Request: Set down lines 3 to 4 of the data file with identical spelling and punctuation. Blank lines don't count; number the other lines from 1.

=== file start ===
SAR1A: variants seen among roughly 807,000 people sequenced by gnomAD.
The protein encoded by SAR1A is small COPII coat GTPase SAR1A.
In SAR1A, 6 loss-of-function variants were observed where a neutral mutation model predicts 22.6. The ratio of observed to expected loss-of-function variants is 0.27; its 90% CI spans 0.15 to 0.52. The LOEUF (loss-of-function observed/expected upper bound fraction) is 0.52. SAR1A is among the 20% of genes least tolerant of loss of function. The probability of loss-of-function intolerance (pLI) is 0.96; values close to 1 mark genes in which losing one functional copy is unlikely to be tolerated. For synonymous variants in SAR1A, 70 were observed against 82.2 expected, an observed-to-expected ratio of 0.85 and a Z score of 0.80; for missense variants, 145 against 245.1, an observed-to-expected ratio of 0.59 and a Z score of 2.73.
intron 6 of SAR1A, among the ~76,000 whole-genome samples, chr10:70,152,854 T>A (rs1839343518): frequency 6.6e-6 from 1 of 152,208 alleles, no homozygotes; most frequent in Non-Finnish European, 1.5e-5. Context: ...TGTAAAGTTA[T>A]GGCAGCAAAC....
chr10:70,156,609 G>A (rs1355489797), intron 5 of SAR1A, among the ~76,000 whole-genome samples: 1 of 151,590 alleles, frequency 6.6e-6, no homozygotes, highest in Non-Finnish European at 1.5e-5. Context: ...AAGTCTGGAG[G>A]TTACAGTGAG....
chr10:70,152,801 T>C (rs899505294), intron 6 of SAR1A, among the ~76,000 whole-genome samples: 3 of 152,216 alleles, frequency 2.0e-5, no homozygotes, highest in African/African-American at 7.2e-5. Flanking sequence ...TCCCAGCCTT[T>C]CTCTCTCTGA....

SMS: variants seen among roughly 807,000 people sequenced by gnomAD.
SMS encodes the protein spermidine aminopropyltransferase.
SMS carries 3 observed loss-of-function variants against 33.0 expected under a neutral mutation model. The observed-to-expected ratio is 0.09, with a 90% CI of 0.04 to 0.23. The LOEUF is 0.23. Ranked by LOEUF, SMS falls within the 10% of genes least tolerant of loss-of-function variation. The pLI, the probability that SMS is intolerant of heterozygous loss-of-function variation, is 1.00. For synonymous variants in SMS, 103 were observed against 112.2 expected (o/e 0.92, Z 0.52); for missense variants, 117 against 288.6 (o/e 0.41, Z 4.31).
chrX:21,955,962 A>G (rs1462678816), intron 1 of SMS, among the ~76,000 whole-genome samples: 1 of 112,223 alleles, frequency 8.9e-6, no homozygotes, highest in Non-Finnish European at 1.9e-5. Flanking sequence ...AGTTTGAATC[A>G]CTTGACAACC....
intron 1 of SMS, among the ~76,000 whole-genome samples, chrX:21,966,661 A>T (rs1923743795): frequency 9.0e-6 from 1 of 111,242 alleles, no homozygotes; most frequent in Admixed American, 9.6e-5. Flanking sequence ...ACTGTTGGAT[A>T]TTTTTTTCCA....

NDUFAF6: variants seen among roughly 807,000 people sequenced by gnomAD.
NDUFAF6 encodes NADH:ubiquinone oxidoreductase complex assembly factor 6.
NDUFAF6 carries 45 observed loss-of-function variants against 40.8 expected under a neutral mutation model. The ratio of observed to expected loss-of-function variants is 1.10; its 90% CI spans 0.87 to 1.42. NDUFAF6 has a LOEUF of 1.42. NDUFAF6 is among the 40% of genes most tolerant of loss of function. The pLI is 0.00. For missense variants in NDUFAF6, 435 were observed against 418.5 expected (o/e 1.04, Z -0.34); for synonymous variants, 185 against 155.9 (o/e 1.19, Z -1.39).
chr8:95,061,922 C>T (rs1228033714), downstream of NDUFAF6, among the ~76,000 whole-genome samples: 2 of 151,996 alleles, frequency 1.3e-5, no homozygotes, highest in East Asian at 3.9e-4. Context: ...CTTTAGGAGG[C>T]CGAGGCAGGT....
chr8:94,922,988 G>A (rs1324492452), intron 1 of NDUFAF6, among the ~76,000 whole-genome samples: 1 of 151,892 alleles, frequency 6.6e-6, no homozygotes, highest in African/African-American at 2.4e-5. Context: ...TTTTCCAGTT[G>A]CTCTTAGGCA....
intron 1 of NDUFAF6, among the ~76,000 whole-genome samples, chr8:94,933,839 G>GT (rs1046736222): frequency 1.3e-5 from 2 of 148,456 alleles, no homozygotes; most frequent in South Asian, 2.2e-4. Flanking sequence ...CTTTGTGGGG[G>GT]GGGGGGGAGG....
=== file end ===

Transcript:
In SAR1A, 6 loss-of-function variants were observed where a neutral mutation model predicts 22.6. The ratio of observed to expected loss-of-function variants is 0.27; its 90% CI spans 0.15 to 0.52. The LOEUF (loss-of-function observed/expected upper bound fraction) is 0.52. SAR1A is among the 20% of genes least tolerant of loss of function. The probability of loss-of-function intolerance (pLI) is 0.96; values close to 1 mark genes in which losing one functional copy is unlikely to be tolerated. For synonymous variants in SAR1A, 70 were observed against 82.2 expected, an observed-to-expected ratio of 0.85 and a Z score of 0.80; for missense variants, 145 against 245.1, an observed-to-expected ratio of 0.59 and a Z score of 2.73.
intron 6 of SAR1A, among the ~76,000 whole-genome samples, chr10:70,152,854 T>A (rs1839343518): frequency 6.6e-6 from 1 of 152,208 alleles, no homozygotes; most frequent in Non-Finnish European, 1.5e-5. Context: ...TGTAAAGTTA[T>A]GGCAGCAAAC....